“And if a man shall take his sister, his father’s daughter, or his mother’s daughter, and see her nakedness, and she see his nakedness; it [is] a wicked thing; and they shall be cut off in the sight of their people: he hath uncovered his sister’s nakedness; he shall bear his iniquity.” Leviticus 20:17, KJV
“It never occurred to either of us that the earth itself might have been unyielding. We had dropped our seeds in our own little plot of black dirt just as Pecola’s father had dropped his seeds in his own plot of black dirt. Our innocence and faith were no more productive than his lust or despair.” “The Bluest Eye,” Toni Morrison, 1970
Peace and blessings, y’all.
I am so excited to share my story on this first week in Black History Month, because I love myself, I love my people, I love my culture, I love my heritage. Black is beautiful, no matter what society says today, no matter what history taught in the past.
So Black History Month has started off with quite a bang for me, and I am about to explain why. Last week, a woman by the name of Carolyn Bryant Donham finally broke her silence about a lie she told over 60 years ago that resulted in the death of 14-year-old Emmit Till. A few days later, the parents of the late Trayvon Martin annonced their new book, which chronicles his life and tragic death at the age of 17. A few days after that, I heard a local story about a teenage girl who was sexually assaulted by some boy at her school and then last, but definitely not least, Ms. KeKe Palmer revealed that she had been molested by a 9-year-old, FEMALE cousin when she was only five years old!
All those stories had a tremendous impact on me, but Ms. Palmer’s story resonated with me the most, because something similar happened to me, not once or twice, but several different times, with three different people-two boys, one girl. The most disturbing part in all of that horrific behavior is that we were all children. I was only four or five years old when my teenage relative sexually assaulted me and between the ages of seven and nine when I was touched by children of our family friends. I have never openly discussed what happened to me all those years ago; in fact, I honestly can’t recall if I ever even told my parents, but seeing and hearing KeKe share her story of abuse only further encouraged me to finally speak up about my own secret shame. I know now not to blame myself for the incidents, because I was so young and didn’t fully comprehend what these individuals were actually doing to me, but…
As I do with EVERYTHING in my life, I have prayed to God for a spirit of peace, understanding, patience and forgiveness in regards to my situation. No one, NO ONE, no one likes to talk about the reality and possibility of incest, molestation, child pornography or teen pregnancy. It’s an extremely uncomfortable subject for everyone, but pretending it doesn’t exist won’t prevent it from happening. My parents had no idea that the people they trusted to watch over their children were raising confused, misguided (possibly abused), children of their own. It’s a delicate and difficult situation to deal with for all parties involved, which is a huge reason why I chose to keep the abuse to myself for this long.
I’ve stated in previous posts that I share the events of my life in hopes of helping others deal with their own issues. I’m proud to say that in my life, I have developed a rapport with many different women, and I was saddened, as well as bewildered to discover just how prevalent incest truly was. So many friends and associates have shared similar tales of innocence lost and a betrayal of trust within the family dynamic. It’s not my intent to destroy my own family, I hope that I can help prevent a similar situation in the future. I’m not bitter or angry about what happened to me. I don’t blame my parents or feel like they failed at their job of protecting me from harm. I don’t even have any malice in my heart for the children who abused me. What I have learned in all this is to simply be aware and lean more towards my Lord and Savior, Jesus Christ.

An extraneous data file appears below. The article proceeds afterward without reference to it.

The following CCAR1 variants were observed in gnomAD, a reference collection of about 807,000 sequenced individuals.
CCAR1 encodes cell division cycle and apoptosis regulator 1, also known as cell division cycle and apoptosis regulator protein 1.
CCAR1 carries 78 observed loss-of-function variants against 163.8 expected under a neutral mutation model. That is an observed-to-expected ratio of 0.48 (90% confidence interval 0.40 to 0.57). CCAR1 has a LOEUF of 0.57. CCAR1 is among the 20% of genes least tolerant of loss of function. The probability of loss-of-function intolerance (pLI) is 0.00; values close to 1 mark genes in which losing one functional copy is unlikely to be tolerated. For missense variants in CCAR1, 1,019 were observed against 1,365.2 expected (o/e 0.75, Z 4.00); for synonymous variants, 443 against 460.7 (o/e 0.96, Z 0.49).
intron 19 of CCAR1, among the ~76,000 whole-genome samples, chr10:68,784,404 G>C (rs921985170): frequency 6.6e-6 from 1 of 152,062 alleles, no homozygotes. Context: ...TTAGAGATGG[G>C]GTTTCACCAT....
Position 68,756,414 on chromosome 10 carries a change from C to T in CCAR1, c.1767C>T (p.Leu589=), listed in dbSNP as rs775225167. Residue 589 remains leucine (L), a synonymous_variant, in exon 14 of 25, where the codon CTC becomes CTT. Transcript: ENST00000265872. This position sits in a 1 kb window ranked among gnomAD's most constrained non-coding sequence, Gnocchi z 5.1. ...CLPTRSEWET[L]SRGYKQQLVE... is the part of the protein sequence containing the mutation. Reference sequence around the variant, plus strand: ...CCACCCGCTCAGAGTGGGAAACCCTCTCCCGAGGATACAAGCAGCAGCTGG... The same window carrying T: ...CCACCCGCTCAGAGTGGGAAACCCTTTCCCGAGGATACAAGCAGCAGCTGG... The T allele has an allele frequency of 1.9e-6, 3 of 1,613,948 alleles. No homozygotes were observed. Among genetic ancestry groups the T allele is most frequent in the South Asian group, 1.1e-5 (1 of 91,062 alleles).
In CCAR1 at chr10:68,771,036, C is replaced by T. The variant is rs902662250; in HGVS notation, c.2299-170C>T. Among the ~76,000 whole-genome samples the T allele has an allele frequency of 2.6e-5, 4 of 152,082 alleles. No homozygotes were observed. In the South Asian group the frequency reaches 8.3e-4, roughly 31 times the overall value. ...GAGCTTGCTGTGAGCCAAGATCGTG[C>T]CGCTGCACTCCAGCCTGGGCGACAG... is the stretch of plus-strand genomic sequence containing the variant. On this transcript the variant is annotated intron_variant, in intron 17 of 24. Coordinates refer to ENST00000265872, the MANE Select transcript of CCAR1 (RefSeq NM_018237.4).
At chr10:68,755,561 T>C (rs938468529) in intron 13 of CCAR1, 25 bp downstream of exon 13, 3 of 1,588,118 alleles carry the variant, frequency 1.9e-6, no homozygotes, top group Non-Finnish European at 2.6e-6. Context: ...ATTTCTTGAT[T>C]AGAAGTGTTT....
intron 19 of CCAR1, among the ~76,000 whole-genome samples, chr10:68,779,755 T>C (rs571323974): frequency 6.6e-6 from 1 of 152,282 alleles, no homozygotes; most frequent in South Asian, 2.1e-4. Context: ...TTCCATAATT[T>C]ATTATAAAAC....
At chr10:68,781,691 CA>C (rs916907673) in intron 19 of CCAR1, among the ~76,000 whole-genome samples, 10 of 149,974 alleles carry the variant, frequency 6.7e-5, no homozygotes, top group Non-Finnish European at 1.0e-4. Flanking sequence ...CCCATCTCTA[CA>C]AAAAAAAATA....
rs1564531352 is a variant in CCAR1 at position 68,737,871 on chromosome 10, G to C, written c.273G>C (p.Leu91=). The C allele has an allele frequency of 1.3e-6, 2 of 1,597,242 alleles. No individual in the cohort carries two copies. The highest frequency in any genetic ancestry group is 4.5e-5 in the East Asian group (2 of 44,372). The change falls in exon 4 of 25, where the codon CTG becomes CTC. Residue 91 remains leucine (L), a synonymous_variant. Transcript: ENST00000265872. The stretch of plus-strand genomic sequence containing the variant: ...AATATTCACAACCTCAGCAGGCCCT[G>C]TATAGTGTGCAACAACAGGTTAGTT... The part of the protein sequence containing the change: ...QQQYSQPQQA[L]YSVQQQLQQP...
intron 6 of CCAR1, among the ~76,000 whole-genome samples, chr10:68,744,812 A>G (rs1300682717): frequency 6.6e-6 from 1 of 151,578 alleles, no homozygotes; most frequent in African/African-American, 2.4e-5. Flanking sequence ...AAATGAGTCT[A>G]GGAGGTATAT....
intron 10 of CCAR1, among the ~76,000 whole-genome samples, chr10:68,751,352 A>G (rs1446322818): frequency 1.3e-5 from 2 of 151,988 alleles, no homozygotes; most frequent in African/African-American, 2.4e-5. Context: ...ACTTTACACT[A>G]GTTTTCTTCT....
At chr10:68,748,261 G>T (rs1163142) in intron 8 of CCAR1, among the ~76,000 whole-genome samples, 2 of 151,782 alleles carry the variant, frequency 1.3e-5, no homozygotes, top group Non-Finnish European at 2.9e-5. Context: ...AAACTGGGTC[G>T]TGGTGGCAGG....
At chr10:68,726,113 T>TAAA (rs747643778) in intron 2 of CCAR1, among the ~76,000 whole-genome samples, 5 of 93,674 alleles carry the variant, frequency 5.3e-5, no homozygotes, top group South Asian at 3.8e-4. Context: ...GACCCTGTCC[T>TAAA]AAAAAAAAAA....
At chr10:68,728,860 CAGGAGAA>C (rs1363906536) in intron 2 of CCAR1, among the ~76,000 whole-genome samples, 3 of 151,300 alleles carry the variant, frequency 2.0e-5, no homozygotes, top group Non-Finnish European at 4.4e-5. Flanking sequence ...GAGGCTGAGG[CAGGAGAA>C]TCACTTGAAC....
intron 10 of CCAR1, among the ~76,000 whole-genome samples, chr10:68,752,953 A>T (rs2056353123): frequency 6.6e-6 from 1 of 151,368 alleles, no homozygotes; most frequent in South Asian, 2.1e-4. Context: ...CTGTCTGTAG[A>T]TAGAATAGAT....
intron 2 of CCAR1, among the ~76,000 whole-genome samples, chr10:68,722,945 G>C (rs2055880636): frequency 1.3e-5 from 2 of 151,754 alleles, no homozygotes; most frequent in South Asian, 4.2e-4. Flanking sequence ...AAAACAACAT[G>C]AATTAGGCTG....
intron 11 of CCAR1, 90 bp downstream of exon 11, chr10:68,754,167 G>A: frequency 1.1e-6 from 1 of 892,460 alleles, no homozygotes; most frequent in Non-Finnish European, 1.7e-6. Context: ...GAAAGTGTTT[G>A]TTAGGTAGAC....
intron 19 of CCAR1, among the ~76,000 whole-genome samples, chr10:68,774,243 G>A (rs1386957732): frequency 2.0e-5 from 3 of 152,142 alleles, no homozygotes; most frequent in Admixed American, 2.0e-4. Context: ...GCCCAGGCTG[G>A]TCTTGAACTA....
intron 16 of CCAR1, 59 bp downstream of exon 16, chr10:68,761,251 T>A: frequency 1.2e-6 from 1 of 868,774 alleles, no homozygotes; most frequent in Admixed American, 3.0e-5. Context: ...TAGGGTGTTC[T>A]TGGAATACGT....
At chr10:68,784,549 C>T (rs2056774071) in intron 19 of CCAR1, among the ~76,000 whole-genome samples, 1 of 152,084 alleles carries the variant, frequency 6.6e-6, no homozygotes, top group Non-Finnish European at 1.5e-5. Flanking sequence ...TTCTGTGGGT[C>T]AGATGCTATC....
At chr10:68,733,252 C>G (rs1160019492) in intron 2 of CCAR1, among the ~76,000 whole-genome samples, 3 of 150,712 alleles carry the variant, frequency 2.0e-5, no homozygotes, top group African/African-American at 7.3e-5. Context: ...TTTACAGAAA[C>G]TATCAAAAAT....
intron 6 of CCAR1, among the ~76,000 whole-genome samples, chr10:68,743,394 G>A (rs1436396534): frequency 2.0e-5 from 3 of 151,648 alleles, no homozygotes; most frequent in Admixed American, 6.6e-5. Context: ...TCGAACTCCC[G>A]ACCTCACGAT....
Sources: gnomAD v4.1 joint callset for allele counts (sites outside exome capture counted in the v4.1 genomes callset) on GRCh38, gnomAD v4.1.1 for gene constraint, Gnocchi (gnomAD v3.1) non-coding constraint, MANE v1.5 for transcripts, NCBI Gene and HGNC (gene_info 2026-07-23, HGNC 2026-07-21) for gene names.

I know that there will be a tremendous amount of backlash from this particular post, because in the Black community, a common philosophy shared among families is, “What goes on in this house, stays in this house.” It’s something we are taught very early in life. It’s something that needs to stop. I mean, it’s bad enough to have to process the idea of being molested, but to keep it a secret only makes it worse. If you are dealing with something like this yourself, please be encouraged. You are not alone.
The world is a very wicked place, even more so now than ever before. Each generation has its own unique set of societal issues with which it has to deal. As for me and my peers, well, it’s now our turn to show the world who we are, what we believe in and why. My parents taught me to treat people with dignity and respect, if that’s what I wanted for myself. Sure, tragic events happened during my childhood, but that’s no excuse to project pain and suffering on anyone else. The Bible teaches us to love one another as Christ loved us and at times that may be the most difficult emotion you can conjure up for another human being, especially for people who do you harm; trust me, I know. But if you want to heal emotional wounds, you must master the art of forgiving, or you will never grow emotionally, let alone spiritually. The stairway to heaven may be a struggle to climb, but the eternal reward is more than worth the effort. Until next time…